7. The Ben Thatcher thing is an open and shut case, that’s not a tackle or a shoulder charge, or even a fair attempt to get the ball, it was an assault. No one wants that in the game and the FA and his team meted out very harsh punishment (by their standards) to him for the challenge.

    What needs looking at is Kevin Davies, Nolan, Mikel, Barton, and their ilk who are allowed to get away with overly physical play. But more important than those guys is the managers who tell their boys to go out and “get stuck in.”

    Look at the Taylor tackle on Eduardo. The fact is that the Birmingham manager said, before the match, that his players needed to “show more toughness” and urged them to get stuck in.

    “We do need to demonstrate more toughness at the back. We can be a bit soft sometimes as the goal we conceded against West Ham proved.”

    Is it any wonder then that less than 3 minutes into the game Martin Taylor puts in a challenge that breaks Eduardo’s leg? That’s about as clear an indictment of Allie McLeish as I can imagine. Taylor was a pussy, by everyone’s account. A guy like that doesn’t put in a studs up lunge at a player’s shin in the 3rd minute of the game unless his coach specifically took him aside and said “Tiny, come on, we need you here in this match, just show them you mean business straight away and they won’t be so likely to try their dribbly, passy, beautiful bullshit.”

    So, for me, banning the players is pointless, unless you’re going to ban the managers.

  8. i actually am in favor of video technology. i think each team should be be allowed two challenges per game in regards to either a offside call or a possible/shown red card call. i know a lot of people will disagree with me here and think its ridiculous cos its breaks the flow of the game. but 1) it would probably make the game fairer and 2)let’s be honest, when there is a harsh foul, the game stops for 3 mintues anyway and disrupts the flow.

    the other crazy idea i was entertaining was why not have a points system for the referees? if you are getting your calls right, then you will end up getting more points than the ones who are constantly missing/ making the wrong calls. the top couple of referrees will be allowed to go on to officiate uefa/fifa games and make more money while the bottom two or three will be relegated to officiating championship games and make less money. i know its sounds absurd but it might work. some of the decisions this year on the pitch have just been atrocious!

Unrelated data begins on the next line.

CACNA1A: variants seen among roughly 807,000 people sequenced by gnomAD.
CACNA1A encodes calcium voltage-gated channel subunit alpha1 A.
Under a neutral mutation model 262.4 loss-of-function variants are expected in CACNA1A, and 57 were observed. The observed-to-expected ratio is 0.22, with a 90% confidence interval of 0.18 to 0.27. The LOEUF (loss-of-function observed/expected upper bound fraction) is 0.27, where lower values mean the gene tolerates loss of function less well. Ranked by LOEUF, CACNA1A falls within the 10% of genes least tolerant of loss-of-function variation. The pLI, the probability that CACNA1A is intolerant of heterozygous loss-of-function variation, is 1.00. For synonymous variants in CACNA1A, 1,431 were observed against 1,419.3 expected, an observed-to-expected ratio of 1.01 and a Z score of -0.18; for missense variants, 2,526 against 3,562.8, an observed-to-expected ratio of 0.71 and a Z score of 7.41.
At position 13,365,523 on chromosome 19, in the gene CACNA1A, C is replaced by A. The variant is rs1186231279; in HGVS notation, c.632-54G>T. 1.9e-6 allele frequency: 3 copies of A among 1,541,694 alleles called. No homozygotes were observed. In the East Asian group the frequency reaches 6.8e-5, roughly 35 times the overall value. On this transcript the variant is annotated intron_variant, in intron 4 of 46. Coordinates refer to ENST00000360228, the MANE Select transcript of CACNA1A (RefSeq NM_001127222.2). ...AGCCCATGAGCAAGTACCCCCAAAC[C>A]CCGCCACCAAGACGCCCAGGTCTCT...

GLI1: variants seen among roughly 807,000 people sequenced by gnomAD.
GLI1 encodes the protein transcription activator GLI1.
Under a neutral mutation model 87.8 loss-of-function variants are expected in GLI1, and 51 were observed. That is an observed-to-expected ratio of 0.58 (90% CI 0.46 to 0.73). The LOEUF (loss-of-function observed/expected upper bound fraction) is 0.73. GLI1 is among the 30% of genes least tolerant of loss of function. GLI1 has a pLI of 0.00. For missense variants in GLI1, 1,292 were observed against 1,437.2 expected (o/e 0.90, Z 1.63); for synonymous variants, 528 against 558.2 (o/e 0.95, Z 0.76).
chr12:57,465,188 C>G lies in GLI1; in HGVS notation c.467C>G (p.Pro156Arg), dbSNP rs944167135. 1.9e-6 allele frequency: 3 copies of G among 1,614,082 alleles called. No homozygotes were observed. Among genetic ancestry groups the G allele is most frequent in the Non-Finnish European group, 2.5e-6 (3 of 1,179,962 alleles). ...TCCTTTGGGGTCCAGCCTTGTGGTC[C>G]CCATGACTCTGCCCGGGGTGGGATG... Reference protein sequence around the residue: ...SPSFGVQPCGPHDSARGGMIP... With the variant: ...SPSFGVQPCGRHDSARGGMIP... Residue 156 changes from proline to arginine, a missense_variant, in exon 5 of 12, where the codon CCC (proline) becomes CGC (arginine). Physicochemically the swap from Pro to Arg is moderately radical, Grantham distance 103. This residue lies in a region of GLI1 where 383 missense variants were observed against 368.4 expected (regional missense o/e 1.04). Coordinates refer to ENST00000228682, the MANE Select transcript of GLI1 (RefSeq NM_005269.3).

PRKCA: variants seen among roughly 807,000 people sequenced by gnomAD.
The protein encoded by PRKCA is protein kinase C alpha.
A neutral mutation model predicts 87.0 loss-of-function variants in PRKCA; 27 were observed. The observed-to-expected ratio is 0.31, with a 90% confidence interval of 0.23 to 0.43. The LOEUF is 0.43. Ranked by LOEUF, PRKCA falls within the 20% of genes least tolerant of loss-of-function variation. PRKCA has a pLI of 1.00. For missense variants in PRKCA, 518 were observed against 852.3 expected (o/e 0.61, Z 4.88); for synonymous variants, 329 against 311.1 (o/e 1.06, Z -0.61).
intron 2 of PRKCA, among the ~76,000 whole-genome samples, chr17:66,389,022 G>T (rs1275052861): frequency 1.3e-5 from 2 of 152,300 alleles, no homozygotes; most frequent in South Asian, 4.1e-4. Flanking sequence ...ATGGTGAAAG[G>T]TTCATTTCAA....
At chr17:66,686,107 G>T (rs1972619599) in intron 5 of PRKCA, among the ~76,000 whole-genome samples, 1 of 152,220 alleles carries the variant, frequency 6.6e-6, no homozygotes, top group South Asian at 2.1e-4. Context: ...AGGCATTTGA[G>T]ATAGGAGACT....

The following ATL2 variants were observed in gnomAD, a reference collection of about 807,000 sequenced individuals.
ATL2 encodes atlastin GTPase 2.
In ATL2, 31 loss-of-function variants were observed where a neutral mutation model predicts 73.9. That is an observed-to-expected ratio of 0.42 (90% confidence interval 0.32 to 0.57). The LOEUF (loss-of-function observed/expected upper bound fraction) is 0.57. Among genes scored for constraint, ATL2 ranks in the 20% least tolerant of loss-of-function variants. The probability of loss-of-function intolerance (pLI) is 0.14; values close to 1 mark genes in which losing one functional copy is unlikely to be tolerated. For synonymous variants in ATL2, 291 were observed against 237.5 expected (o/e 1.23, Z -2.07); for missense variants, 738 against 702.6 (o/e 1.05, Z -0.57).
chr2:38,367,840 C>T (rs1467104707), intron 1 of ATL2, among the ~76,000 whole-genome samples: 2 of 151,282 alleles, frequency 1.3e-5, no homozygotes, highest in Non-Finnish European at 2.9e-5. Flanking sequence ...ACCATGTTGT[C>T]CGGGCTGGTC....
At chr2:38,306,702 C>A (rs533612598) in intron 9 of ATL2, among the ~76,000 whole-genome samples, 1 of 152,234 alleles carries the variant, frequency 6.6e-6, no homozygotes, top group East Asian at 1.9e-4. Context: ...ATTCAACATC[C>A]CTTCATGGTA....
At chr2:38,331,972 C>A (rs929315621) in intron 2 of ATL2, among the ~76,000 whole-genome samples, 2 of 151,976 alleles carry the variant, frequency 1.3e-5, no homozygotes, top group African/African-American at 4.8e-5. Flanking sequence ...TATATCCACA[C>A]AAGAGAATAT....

9. You guys should all know this. Here is an explanation of what is happening in Wenger’s mind, and the whole fascination with ‘beautiful football’:
    Back in the 1930s, Uruguay was hands down the best team in the world. The Uruguay National team got on a big ferry boat, and came to France to play a series of exhibition games. Of course they beat every French club and national team by a combined score of gzillion to 1. But what stuck with people more than the score, was the beautiful and flowing style of play they played that was not seen in Europe before. It was an overnight sensation. Every football player and team in France suddenly wanted to emulate the Uruguayans. Now fast forward between to the 1980s. The game of the golden generation of French players like Platini was a modern version of the beautiful game of the Uruguayans. Except that they would beat everybody other than Germany who would invariably would ‘get stuck in’ and kick France off the pitch. Anybody saw the Schumacher-Battiston collision in the semi of the 1982 World Cup? Then fast forward to 1998 and Jacquet’s national team who won everything over the span of 4+ years. The difference? The defense. And physical play in the Midfield. Now Jacquet was the most insulted football manager of all time until he won the WC. Why? Because he was not playing ‘beautiful’ football. Everybody in France was complaining and hated him. Until he won.
    Food for thought.

  10. @matt

    There won’t be any commercial breaks for video review because to implement it would mean to train the refs and stipulate no longer than say a minute. To be honest even when you watch replays on TV in slow motion after 2-3 views you can pretty much make up your mind. If you can’t then leave the original call as it is. No commercial break is going for 1 minute, that would be ridiculous. Furthermore it won’t disrupt play any more than the players who cause a commotion, stop play and crowd the ref for 5 minutes, disrupts play. The only possible exploit is the use of it to purposely extend the time of a call and draw out the game and eat minutes off the clock. However, the think tank can easily come up with certain measures or circumstances where you can and cannot use the video challenges. These kinds of ideas have been suggested numerous times in the past and even louder way back when Roy Carroll got caught off his line and Mednes scored from the halfline only for it to be called a save when pretty much everyone but the ref saw it was plainly a goal. However the FA and football authorities in general have not serious given consideration or re-visited the proposal for some time now and I don’t think the old men ever will – it’s not in their baby boomer personas to come into the 21st century. Even if there were experimental uses of this in smaller competitons like a U-21 or so we could at least believe they are coming around but they have not even given it any thought from what I see.

  11. Guys, all that is going on here is wenger attempting in vain to condition the refs and english fa into protecting as much as possible his young and smallish side. I think it would be better if, as tim stated, wenger brought in players better suited to the task at hand.